The Palestinian Authority’s diplomatic meetings with the US are a form of normalisation. In the last two years, the US has enabled Israel to fast-track its colonisation process, while Palestinians have been coerced into living the deterioration of their prospects and political rights.
On Tuesday, Palestinian Prime Minister Mohammed Shtayyeh met with US congress members in Ramallah to assure Israel’s ally that the Palestinian Authority “is not escaping from peace”. The US hardly needs any reassurance of PA acquiescence. Whether the PA defines peace through the two-state compromise or US President Donald Trump’s so-called “deal of the century” matters little to the US. Both frameworks are based on preserving Israel and the PA is the weakest interlocutor in the process, not least because of its dependency on external political actors for its survival.
However, the PA is lately exposing how much it depends on the cycle of violating Palestinians’ political rights, in order for its structure to remain relevant in the international arena. Since Trump took office, the PA has exploited each violation against the Palestinian people to build a new role for itself. Shtayyeh is revealing the PA’s tactics. Less blundering than the ramblings of PA leader Mahmoud Abbas, Shtayyeh has alternated between statements that echo Palestinian demands and the bureaucratic travesty of pragmatism that is synonymous with the PA’s inherent surrender to Israel and the US.
In both instances, Shtayyeh is careful to insist upon “rights” – the only word in his rhetoric that bridges the gap between his statements – at face value. When the PA speaks of rights, it is merely utilising the concept to frame its political standing according to what the international community demands. Which is why Shtayyeh can speak of rights and pursuing relations with the US in one brief statement following the meeting in Ramallah: “I stressed that we want relations between the US and Palestine to be independent from Israel – and that we are committed to peace towards realising Palestine’s legitimate rights.”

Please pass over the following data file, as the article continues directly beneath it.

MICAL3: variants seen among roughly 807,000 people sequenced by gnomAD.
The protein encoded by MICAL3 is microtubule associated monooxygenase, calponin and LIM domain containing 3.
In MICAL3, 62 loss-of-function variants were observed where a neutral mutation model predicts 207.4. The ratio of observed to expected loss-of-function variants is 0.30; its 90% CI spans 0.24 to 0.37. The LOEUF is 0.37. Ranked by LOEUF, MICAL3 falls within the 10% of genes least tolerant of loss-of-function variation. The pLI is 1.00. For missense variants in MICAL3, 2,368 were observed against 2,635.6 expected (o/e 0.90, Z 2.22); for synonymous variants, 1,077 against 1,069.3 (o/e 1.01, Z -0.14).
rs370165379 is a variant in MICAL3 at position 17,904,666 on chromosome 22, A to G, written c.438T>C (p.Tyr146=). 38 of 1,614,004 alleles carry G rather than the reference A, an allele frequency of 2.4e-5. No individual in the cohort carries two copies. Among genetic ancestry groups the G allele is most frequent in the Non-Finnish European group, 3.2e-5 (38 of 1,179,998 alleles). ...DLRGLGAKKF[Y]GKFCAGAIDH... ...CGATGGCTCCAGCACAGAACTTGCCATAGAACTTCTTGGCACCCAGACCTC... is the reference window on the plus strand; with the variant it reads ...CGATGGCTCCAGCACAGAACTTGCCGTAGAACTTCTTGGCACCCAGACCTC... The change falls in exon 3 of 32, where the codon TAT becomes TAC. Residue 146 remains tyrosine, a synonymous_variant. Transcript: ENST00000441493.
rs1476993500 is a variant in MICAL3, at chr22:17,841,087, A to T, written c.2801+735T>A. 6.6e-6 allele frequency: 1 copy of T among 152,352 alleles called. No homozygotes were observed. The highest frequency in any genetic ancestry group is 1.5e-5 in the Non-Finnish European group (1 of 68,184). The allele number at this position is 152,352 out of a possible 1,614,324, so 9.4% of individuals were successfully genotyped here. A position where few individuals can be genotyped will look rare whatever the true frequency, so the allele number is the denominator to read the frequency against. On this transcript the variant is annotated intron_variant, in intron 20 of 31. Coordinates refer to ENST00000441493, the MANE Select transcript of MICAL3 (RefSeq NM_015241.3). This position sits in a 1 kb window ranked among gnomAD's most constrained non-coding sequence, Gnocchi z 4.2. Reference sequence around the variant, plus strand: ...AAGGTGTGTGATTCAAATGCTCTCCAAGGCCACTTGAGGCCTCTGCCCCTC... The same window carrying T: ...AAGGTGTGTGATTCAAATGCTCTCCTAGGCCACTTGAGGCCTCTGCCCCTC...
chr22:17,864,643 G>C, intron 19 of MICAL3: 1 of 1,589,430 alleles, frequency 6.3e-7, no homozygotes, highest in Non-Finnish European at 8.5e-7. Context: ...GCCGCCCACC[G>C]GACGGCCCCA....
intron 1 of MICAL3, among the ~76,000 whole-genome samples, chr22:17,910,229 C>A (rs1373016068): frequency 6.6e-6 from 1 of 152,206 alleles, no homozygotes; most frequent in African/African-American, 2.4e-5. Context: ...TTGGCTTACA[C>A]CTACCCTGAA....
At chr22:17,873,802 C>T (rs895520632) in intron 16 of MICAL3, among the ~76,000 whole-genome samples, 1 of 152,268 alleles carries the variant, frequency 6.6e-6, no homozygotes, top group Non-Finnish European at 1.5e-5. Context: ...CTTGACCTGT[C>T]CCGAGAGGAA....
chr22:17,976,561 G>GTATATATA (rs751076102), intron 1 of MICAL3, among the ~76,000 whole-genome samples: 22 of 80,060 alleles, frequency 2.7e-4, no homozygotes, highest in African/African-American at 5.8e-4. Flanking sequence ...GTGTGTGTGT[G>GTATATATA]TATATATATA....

Peace as enforced by the international community does not bestow a fraction of legitimate Palestinian political rights. It only ties Palestinians to a process that phases their gradual destruction of rights, while leaders fail to even address the immediate consequences of their collective actions. The UN’s insistence on the two-state compromise, which contributed to the displacement of Palestinians, for example, has disregarded the collective accountability of forcing an unviable option upon the indigenous population. It merely calls on Israel to halt settlement expansion while updating its statistical data on forced displacement.
The US will be no exception to the international community’s trend. Its financial contributions to Israel, as well as the current administration’s rush to bestow legitimacy upon Israeli violations, make it a prime facilitator of Israel’s colonial process. Shtayyeh knows that diplomacy, or the absence of it, between Palestine and the US is subjected to Israeli demands. Given that the US has all but eliminated any possibilities of Palestinian participation in negotiations, the PA’s comments can only indicate that, away from the media spotlight, forms of collaboration with the US and Israel are ongoing, if only to keep up the charade of negotiations for “peace”.
The views expressed in this article belong to the author and do not necessarily reflect the editorial policy of Middle East Monitor.